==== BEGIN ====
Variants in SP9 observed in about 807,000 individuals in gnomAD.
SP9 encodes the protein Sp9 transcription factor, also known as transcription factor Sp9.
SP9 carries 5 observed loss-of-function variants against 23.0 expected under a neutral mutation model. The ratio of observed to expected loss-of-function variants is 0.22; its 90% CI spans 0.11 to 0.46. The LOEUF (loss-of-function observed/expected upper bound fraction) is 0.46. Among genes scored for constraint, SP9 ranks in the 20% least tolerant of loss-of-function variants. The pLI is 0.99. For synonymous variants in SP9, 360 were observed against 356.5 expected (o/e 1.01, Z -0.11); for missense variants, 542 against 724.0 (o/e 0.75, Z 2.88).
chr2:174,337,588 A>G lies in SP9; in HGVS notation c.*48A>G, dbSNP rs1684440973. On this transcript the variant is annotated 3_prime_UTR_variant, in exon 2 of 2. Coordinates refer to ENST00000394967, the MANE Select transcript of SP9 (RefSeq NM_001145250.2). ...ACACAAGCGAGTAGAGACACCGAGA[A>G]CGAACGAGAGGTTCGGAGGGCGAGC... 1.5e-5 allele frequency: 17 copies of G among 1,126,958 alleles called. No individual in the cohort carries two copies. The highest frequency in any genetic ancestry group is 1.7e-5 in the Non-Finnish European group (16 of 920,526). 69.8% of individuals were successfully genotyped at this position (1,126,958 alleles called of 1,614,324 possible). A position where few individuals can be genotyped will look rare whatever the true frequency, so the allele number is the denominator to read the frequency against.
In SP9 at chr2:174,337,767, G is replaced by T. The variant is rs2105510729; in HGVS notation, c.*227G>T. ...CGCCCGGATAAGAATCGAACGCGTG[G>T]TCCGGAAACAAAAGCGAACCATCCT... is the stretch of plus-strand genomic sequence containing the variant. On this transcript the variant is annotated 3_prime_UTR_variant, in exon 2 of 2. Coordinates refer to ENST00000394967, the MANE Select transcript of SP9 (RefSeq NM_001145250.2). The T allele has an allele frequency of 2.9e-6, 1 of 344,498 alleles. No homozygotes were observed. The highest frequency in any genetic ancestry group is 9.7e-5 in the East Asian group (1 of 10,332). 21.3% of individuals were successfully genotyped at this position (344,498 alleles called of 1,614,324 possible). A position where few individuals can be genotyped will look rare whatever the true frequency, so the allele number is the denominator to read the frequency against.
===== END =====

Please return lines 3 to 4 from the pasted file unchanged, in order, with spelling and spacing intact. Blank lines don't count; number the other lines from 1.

SP9 carries 5 observed loss-of-function variants against 23.0 expected under a neutral mutation model. The ratio of observed to expected loss-of-function variants is 0.22; its 90% CI spans 0.11 to 0.46. The LOEUF (loss-of-function observed/expected upper bound fraction) is 0.46. Among genes scored for constraint, SP9 ranks in the 20% least tolerant of loss-of-function variants. The pLI is 0.99. For synonymous variants in SP9, 360 were observed against 356.5 expected (o/e 1.01, Z -0.11); for missense variants, 542 against 724.0 (o/e 0.75, Z 2.88).
chr2:174,337,588 A>G lies in SP9; in HGVS notation c.*48A>G, dbSNP rs1684440973. On this transcript the variant is annotated 3_prime_UTR_variant, in exon 2 of 2. Coordinates refer to ENST00000394967, the MANE Select transcript of SP9 (RefSeq NM_001145250.2). ...ACACAAGCGAGTAGAGACACCGAGA[A>G]CGAACGAGAGGTTCGGAGGGCGAGC... 1.5e-5 allele frequency: 17 copies of G among 1,126,958 alleles called. No individual in the cohort carries two copies. The highest frequency in any genetic ancestry group is 1.7e-5 in the Non-Finnish European group (16 of 920,526). 69.8% of individuals were successfully genotyped at this position (1,126,958 alleles called of 1,614,324 possible). A position where few individuals can be genotyped will look rare whatever the true frequency, so the allele number is the denominator to read the frequency against.